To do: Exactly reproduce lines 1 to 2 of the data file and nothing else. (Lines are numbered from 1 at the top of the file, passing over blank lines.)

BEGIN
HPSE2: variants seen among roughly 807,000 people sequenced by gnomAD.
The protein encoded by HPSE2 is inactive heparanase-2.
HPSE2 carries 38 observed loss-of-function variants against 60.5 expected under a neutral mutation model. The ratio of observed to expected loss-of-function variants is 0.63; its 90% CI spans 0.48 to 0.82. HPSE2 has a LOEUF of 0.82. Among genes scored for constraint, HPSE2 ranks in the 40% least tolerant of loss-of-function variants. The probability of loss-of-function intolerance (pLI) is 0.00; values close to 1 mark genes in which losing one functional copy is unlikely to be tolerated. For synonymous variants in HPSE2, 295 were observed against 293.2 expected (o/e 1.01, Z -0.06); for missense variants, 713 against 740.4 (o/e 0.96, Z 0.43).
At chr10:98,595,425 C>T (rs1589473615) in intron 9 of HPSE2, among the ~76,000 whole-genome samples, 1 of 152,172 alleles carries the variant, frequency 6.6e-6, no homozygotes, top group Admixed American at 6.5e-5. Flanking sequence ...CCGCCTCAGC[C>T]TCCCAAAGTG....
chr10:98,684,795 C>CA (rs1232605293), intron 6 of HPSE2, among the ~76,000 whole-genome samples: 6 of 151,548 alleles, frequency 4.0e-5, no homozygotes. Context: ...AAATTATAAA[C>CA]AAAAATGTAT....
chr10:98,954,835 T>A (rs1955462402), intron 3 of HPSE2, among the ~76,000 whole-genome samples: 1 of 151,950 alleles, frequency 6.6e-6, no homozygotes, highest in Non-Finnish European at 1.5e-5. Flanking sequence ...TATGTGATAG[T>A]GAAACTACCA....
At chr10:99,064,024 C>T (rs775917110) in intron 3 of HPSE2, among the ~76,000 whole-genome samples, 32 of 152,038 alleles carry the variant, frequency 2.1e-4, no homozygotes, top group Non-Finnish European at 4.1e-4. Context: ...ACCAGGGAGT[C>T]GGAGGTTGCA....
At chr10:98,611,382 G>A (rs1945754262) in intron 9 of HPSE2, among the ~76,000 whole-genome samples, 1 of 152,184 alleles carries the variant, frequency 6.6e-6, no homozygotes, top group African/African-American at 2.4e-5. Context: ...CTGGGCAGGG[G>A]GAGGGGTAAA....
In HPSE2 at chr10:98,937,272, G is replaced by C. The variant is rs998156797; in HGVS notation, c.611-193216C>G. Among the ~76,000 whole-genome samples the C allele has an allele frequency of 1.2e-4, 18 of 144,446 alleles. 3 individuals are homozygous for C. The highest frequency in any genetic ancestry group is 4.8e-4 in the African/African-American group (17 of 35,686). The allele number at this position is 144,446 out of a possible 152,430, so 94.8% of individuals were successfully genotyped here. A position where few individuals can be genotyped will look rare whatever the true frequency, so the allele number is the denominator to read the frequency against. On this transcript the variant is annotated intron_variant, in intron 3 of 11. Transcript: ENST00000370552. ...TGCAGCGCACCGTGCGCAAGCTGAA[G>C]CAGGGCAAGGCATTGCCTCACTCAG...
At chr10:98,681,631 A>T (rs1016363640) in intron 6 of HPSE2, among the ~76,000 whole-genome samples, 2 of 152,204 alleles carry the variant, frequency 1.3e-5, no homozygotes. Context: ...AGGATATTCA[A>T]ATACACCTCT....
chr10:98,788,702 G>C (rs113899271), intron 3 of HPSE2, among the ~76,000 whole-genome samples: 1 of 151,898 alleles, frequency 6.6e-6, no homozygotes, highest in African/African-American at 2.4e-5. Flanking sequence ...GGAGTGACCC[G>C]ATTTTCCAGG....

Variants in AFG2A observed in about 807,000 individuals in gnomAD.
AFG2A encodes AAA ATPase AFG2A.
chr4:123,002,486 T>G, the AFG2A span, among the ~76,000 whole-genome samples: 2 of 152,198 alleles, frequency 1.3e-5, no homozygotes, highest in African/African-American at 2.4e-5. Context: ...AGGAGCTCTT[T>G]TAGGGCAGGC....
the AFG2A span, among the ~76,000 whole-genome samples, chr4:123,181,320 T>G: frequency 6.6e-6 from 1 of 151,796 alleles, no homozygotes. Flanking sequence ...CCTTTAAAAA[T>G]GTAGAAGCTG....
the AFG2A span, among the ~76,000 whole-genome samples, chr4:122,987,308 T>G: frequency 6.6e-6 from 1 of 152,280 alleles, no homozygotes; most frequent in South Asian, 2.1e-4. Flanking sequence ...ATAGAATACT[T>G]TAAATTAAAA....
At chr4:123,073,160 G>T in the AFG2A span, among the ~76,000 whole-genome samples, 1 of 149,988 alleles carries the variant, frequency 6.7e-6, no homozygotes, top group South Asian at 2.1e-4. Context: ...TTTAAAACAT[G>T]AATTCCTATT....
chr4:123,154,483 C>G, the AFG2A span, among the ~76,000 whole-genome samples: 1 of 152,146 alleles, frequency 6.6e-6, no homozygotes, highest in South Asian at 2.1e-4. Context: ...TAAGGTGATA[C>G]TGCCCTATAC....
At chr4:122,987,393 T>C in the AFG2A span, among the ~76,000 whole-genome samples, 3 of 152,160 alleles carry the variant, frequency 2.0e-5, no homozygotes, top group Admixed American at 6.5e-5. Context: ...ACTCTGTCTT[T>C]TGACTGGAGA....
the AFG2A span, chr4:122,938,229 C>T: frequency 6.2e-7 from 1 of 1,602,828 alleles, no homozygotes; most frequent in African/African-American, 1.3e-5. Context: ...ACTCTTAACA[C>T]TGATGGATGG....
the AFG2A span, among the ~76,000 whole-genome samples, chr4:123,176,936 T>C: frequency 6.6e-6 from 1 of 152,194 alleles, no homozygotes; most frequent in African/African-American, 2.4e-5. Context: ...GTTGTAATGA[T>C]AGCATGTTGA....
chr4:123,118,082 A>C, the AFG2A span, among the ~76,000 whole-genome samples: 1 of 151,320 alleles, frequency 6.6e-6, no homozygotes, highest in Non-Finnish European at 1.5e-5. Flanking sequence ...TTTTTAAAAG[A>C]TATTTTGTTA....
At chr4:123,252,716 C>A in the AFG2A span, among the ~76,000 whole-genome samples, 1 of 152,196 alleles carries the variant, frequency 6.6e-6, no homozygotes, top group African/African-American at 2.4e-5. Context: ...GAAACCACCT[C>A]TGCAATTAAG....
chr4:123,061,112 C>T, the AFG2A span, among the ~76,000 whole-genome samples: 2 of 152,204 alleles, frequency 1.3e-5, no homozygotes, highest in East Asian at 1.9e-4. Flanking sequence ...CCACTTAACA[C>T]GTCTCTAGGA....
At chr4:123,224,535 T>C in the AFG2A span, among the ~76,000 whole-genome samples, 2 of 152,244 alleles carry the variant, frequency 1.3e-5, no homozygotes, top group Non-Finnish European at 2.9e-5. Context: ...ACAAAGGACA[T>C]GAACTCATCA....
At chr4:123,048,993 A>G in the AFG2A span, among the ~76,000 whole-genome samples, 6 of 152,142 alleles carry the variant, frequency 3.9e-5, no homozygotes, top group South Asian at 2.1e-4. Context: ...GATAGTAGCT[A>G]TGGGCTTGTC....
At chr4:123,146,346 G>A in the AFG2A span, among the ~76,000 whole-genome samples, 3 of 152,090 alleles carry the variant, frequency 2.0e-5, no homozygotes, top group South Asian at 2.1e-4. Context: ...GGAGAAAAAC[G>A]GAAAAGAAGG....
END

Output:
HPSE2: variants seen among roughly 807,000 people sequenced by gnomAD.
The protein encoded by HPSE2 is inactive heparanase-2.